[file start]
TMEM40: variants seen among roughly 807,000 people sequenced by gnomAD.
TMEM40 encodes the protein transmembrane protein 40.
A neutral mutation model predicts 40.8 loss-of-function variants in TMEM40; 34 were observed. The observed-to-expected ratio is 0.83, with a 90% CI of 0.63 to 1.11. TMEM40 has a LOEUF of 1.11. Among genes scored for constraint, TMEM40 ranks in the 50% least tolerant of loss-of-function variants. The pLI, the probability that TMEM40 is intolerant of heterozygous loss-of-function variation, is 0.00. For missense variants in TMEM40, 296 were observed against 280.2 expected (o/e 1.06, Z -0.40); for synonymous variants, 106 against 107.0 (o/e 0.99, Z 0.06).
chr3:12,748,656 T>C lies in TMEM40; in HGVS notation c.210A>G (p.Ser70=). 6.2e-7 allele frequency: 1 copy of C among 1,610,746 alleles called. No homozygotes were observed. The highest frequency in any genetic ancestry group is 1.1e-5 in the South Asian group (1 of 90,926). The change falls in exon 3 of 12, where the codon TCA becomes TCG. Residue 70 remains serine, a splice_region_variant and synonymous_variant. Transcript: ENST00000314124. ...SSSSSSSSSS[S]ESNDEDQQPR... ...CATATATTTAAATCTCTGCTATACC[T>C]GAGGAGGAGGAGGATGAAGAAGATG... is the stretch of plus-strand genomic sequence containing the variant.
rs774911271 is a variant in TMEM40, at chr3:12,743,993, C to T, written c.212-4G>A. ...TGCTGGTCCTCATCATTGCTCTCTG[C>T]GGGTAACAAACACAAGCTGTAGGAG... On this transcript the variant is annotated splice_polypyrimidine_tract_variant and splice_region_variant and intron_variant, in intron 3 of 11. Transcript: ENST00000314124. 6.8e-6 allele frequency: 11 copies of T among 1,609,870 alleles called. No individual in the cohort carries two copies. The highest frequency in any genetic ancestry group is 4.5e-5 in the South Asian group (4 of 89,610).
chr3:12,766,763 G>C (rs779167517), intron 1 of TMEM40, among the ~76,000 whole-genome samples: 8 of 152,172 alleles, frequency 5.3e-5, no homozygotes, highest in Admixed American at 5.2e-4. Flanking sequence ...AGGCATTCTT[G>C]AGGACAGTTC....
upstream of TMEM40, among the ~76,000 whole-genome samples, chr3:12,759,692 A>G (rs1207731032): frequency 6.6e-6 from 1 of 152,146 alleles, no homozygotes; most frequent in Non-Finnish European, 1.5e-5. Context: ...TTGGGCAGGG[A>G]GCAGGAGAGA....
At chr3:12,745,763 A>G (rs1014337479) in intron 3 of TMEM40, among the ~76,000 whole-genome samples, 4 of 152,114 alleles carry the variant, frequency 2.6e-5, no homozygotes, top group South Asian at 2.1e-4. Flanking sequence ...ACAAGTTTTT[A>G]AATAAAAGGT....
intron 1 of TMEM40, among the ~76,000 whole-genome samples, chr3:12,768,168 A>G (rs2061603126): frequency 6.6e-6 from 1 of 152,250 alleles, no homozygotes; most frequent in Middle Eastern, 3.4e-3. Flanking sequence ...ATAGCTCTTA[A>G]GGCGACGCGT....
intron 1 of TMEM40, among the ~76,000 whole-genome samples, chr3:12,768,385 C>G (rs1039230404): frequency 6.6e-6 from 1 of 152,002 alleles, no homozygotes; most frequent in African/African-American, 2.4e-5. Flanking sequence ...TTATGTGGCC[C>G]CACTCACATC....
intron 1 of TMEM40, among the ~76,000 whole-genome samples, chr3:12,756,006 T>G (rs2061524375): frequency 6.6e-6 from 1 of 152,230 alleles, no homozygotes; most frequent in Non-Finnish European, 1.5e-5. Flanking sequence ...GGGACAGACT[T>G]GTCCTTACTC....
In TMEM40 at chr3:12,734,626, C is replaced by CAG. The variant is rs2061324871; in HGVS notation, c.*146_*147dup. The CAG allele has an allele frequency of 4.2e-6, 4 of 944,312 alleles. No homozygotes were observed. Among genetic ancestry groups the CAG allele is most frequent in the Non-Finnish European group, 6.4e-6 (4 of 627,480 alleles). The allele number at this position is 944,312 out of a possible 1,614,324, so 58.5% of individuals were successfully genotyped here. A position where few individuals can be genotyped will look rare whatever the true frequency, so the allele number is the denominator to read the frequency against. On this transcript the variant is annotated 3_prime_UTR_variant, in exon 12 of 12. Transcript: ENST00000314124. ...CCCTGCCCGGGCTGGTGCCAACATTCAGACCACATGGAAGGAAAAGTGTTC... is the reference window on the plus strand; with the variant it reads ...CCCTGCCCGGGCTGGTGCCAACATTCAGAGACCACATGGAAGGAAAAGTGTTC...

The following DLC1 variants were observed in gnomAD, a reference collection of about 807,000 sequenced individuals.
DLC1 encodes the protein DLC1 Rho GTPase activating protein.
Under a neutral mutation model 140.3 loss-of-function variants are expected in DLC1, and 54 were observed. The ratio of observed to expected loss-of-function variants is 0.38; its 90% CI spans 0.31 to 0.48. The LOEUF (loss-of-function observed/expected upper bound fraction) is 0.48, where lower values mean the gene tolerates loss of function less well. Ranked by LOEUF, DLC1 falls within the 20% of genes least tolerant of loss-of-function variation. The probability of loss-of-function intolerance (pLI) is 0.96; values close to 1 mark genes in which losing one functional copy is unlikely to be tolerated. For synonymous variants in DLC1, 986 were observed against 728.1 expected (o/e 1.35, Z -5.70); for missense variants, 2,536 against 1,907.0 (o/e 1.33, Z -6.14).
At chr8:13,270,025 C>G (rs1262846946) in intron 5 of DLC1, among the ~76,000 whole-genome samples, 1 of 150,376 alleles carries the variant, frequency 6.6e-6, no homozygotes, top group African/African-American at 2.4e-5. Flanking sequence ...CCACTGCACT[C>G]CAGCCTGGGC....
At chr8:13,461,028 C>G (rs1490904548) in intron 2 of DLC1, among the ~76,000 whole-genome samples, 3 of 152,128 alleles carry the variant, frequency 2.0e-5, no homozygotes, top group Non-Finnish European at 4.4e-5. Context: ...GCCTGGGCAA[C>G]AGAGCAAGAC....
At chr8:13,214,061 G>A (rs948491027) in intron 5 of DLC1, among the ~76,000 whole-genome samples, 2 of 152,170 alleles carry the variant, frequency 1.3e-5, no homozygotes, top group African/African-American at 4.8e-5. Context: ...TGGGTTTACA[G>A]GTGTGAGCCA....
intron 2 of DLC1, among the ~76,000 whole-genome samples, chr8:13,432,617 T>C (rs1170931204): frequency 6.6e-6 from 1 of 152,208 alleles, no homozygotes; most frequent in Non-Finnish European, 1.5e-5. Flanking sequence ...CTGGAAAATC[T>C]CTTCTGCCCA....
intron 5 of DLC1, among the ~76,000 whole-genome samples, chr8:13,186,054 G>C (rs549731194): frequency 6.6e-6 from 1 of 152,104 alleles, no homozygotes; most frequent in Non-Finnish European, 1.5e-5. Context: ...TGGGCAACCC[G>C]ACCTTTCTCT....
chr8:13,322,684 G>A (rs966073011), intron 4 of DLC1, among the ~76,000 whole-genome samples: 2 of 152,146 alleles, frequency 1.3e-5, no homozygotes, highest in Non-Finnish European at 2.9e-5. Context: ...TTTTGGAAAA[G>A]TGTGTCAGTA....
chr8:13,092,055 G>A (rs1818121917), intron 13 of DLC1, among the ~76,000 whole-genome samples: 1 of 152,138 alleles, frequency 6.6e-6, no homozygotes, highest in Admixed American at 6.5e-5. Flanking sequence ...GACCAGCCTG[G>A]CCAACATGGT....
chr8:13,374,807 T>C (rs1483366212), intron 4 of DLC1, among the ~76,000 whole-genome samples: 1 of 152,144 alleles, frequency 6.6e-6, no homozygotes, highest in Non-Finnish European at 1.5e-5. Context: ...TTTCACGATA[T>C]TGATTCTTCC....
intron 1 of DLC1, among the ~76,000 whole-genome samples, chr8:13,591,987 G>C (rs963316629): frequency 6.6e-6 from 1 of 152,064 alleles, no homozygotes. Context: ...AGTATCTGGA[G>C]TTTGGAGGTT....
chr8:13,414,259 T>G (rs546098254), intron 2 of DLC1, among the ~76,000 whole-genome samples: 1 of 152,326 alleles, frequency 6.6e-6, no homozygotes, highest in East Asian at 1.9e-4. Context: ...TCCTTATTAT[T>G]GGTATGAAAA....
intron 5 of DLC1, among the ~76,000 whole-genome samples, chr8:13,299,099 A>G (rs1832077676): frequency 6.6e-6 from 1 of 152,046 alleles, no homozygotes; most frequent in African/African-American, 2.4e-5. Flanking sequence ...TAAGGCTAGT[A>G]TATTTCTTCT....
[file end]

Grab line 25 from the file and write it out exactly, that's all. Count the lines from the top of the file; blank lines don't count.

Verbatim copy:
chr8:13,414,259 T>G (rs546098254), intron 2 of DLC1, among the ~76,000 whole-genome samples: 1 of 152,326 alleles, frequency 6.6e-6, no homozygotes, highest in East Asian at 1.9e-4. Context: ...TCCTTATTAT[T>G]GGTATGAAAA....